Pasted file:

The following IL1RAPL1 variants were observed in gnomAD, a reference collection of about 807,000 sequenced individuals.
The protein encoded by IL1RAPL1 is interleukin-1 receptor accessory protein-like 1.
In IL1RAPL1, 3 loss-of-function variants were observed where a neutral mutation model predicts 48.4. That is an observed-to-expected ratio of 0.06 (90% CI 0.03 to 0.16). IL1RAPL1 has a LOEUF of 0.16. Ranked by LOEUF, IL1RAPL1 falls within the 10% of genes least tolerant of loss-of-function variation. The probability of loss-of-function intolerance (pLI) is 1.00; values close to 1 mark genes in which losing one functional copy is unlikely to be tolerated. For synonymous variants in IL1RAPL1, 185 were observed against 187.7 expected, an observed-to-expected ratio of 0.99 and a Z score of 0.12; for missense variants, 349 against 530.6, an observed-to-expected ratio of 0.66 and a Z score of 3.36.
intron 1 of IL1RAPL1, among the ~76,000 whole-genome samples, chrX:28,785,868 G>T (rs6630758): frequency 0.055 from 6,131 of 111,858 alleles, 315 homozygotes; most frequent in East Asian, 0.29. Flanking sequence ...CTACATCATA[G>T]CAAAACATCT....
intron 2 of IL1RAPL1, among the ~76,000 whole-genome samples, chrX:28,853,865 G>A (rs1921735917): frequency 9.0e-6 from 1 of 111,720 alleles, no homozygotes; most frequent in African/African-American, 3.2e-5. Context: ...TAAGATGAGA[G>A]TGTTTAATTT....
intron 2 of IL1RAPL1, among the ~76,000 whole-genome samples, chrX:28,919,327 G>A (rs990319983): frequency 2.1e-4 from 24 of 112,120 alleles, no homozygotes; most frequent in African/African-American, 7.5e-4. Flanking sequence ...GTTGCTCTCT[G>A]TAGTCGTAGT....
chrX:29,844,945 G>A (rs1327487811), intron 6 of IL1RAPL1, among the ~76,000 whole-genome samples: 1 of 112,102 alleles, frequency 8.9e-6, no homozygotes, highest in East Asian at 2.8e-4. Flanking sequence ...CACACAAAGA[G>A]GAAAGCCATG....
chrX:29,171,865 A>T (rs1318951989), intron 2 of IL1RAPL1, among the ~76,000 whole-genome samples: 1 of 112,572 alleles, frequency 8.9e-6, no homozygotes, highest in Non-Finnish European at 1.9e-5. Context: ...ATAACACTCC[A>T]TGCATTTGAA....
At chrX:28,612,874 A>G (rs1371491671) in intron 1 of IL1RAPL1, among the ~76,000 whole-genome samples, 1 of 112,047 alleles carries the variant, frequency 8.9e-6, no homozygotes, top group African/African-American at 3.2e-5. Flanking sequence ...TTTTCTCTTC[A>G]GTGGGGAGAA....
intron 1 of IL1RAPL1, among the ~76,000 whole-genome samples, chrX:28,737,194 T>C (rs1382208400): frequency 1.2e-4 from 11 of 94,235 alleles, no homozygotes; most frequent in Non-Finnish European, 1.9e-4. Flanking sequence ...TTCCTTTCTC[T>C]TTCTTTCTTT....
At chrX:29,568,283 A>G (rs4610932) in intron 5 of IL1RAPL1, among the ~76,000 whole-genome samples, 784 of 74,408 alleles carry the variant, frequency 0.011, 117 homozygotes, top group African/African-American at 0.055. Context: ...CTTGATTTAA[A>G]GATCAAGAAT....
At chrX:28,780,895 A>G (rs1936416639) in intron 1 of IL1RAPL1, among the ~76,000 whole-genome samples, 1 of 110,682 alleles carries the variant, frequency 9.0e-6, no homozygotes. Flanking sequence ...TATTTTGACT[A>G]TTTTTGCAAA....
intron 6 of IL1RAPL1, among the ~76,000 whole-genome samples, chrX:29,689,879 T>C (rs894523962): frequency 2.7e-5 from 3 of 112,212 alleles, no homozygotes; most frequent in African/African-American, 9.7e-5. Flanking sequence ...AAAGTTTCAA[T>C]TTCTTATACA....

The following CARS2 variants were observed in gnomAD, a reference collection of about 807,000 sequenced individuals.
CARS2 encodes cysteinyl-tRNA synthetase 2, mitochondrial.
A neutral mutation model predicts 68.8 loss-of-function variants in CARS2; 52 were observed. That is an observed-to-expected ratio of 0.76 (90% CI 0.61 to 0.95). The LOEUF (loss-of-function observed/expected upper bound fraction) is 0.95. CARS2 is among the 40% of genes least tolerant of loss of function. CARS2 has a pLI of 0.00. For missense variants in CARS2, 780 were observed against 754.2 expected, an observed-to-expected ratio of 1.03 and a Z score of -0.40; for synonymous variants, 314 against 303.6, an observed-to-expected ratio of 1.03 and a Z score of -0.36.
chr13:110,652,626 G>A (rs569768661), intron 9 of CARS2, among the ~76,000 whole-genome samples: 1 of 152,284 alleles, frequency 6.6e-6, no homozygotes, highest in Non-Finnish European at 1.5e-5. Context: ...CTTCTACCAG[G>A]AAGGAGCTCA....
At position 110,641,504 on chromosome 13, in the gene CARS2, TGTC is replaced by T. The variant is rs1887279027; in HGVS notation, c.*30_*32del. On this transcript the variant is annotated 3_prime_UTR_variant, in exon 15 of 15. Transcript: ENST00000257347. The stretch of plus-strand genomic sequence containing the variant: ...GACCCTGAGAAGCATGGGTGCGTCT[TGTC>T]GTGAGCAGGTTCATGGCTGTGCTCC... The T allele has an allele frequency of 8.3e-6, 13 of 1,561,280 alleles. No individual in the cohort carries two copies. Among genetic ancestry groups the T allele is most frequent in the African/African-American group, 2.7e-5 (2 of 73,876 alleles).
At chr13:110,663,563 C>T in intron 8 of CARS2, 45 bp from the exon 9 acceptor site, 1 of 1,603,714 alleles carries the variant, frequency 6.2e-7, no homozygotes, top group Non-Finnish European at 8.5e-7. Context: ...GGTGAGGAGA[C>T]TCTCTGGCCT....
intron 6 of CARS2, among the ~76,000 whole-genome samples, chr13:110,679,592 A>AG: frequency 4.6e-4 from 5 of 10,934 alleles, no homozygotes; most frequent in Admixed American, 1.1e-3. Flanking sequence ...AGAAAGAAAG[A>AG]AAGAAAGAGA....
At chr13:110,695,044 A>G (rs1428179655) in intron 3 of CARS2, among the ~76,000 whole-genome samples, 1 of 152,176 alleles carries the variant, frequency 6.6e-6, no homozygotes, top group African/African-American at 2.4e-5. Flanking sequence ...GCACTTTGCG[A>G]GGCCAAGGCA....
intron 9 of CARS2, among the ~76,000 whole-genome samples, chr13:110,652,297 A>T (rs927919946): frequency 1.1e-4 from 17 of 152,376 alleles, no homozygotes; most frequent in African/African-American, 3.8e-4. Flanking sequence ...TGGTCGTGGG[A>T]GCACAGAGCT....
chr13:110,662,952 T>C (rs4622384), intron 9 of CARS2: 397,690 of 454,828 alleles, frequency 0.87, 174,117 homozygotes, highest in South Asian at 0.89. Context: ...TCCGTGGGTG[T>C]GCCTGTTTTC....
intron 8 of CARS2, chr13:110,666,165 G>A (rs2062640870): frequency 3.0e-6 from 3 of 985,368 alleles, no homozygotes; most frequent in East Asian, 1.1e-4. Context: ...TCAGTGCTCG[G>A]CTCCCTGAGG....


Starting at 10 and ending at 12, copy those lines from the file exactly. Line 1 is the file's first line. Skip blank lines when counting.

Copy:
intron 1 of IL1RAPL1, among the ~76,000 whole-genome samples, chrX:28,737,194 T>C (rs1382208400): frequency 1.2e-4 from 11 of 94,235 alleles, no homozygotes; most frequent in Non-Finnish European, 1.9e-4. Flanking sequence ...TTCCTTTCTC[T>C]TTCTTTCTTT....
At chrX:29,568,283 A>G (rs4610932) in intron 5 of IL1RAPL1, among the ~76,000 whole-genome samples, 784 of 74,408 alleles carry the variant, frequency 0.011, 117 homozygotes, top group African/African-American at 0.055. Context: ...CTTGATTTAA[A>G]GATCAAGAAT....
At chrX:28,780,895 A>G (rs1936416639) in intron 1 of IL1RAPL1, among the ~76,000 whole-genome samples, 1 of 110,682 alleles carries the variant, frequency 9.0e-6, no homozygotes. Flanking sequence ...TATTTTGACT[A>G]TTTTTGCAAA....